Culture

How to Improve Communication Within a Distributed Workforce

3 Mins read

Hiring a distributed workforce for your business could be one of the best moves you ever make. Working remotely has a number of advantages, including boosting the productivity of everyone involved and allowing your business to hire a broader range of people. But it does come with some additional challenges.

Namely, communicating within your distributed workforce can be a challenge. If you want to see better results and keep your employees engaged, it’s important to address this potential issue proactively.

The Biggest Challenges

There are several challenges associated with managing a distributed workforce, but these are some of the biggest:

  • Scheduling and time zone issues. One of the biggest problems for teams that include people all over the country, or all over the world, is related to scheduling and time zone issues. There’s no guarantee that any two people are going to be online at the same time, resulting in meeting delays and more difficult collaboration.
  • Real-time collaboration. Real-time collaboration is also more difficult. Instead of brainstorming together with the help of a big whiteboard, getting a team together for a face-to-face meeting, you’ll have to come up with some sort of digital alternative.
  • Centralization. Today’s distributed workforces enjoy a wide variety of different communication channels, from video chats to traditional email. But this abundance of communication opportunities can also be a downside; can you remember which channel your coworker contacted you on? Are you sure you’re using the correct channel for this application?
  • Tech hiccups. Even with the best technology and reliable internet connections, things can go wrong while communicating online. Laggy videos, malfunctioning apps, and cut connections are just a few of the potential interruptions.
  • Opaque effects. Are your employees satisfied with how they’re communicating? Is it affecting the way they work? Is their morale slipping because they don’t have regular casual conversations with their coworkers? It’s extremely hard to measure these potential effects objectively.

How to Improve Communication

Fortunately, there are many strategies you can use to improve communication within your team:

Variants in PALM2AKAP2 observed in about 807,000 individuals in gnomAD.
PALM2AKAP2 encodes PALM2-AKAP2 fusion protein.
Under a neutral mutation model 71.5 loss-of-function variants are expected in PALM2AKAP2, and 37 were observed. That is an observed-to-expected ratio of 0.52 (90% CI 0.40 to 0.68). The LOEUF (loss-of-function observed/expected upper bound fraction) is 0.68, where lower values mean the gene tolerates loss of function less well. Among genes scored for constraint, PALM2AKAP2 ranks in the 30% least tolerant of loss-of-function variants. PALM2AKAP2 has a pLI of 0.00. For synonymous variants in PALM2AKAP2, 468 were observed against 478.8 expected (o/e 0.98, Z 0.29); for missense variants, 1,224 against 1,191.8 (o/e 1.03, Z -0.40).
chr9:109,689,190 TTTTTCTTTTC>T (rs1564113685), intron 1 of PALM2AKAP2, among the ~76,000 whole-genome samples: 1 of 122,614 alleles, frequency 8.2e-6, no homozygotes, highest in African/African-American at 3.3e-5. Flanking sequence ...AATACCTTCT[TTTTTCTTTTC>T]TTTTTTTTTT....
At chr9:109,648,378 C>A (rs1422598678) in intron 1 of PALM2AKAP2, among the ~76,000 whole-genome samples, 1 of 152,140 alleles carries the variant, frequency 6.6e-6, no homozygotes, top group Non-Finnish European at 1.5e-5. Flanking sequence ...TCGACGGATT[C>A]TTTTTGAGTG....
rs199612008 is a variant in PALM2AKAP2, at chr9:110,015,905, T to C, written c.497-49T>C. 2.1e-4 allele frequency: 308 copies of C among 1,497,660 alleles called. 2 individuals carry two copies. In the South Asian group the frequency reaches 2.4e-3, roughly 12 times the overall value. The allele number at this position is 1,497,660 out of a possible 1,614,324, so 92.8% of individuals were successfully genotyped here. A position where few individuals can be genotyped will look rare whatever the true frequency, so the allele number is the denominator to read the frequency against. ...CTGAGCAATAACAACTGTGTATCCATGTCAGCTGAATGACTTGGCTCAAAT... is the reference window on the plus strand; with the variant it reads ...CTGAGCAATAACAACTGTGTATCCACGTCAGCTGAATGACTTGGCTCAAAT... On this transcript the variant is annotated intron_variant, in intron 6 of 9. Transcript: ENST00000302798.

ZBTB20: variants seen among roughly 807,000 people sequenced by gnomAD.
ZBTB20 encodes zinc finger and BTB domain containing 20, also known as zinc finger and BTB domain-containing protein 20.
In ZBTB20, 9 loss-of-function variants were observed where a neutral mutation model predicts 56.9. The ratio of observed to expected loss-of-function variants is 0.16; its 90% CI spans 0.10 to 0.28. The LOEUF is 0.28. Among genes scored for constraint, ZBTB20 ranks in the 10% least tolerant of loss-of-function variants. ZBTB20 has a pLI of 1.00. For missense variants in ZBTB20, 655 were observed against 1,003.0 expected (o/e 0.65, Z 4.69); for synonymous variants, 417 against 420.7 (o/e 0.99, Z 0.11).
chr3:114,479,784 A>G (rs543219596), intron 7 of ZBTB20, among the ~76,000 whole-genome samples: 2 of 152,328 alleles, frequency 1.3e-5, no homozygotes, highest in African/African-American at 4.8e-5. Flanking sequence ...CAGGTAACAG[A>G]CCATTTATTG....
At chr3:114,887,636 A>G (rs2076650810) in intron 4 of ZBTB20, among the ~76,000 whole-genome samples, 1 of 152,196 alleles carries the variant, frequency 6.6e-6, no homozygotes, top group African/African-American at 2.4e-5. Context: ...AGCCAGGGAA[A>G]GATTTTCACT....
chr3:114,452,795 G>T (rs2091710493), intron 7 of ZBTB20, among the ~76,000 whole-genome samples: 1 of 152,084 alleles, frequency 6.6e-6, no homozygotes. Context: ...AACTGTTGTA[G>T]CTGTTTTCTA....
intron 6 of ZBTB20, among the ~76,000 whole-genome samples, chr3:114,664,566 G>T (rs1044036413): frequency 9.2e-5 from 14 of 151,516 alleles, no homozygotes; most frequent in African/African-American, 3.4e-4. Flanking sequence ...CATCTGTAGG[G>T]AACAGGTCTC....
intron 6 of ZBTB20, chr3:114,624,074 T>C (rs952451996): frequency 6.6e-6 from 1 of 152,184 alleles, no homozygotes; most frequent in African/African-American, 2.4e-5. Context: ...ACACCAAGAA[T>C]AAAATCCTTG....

• Set proactive expectations. Do what you can to set proactive expectations with your team. Explain the most appropriate channels for communication, dictate expectations for when each employee is supposed to be online and available, and provide guidelines for concise and clear communication across the team.
  • Establish standards for each communication channel. When is email better than a video conference? When should your project management platform be used instead of an instant message app? Make sure you establish clear standards for each communication channel in your arsenal.
  • Make use of internal newsletters. How can you make sure that every employee in your organization stays up-to-date with the latest happenings in your company culture and the pursuit of your long term business goals? In a remote environment, morning team huddles are harder to execute, so consider making use of internal newsletters. Send out employee newsletters with important updates and general information at least once a week.
  • Allow time and space for informal communication. We’re all familiar with the stereotype of the water cooler conversation in a traditional office. While it’s easy to dismiss as superfluous or unnecessary, it actually serves an important purpose, giving employees a chance to bond with each other and get to know each other better. Try to allow some time and space for informal, spontaneous communication – even if you have to do it over video chat.
  • Account for technology errors. Try to plan ahead for potential communication errors. Choose the right assortment of apps and technologies to minimize the possibility of errors and be prepared to address things like laggy connections as they unfold in front of you. In some cases, this could mean making upgrades for your employees, such as equipping them with better devices or upgrading their Internet connection.
  • Coach individuals on better communication habits. Some of your employees aren’t going to communicate as well as the rest of your team. If this begins to become a problem, set aside some time for individual coaching. Even a single session can make a pronounced difference in their future communication habits.
  • Circulate employee surveys. Employee surveys are one of your best tools for understanding how your employees are dealing with your current setup and how they feel about your current communication standards. Collect responses anonymously for even more honest feedback and be prepared to act on that feedback if you want to improve.

Every team is going to have different communication strengths and weaknesses, so some of these strategies may work better for you than others – and you may have problems not outlined in this concise guide. It’s important to continue asking for employee feedback and experimenting with new potential solutions so that you can continue your upward trajectory toward better distributed communication.

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Larry is an independent business consultant specializing in tech, social media trends, business, and entrepreneurship. Follow him on Twitter and LinkedIn.
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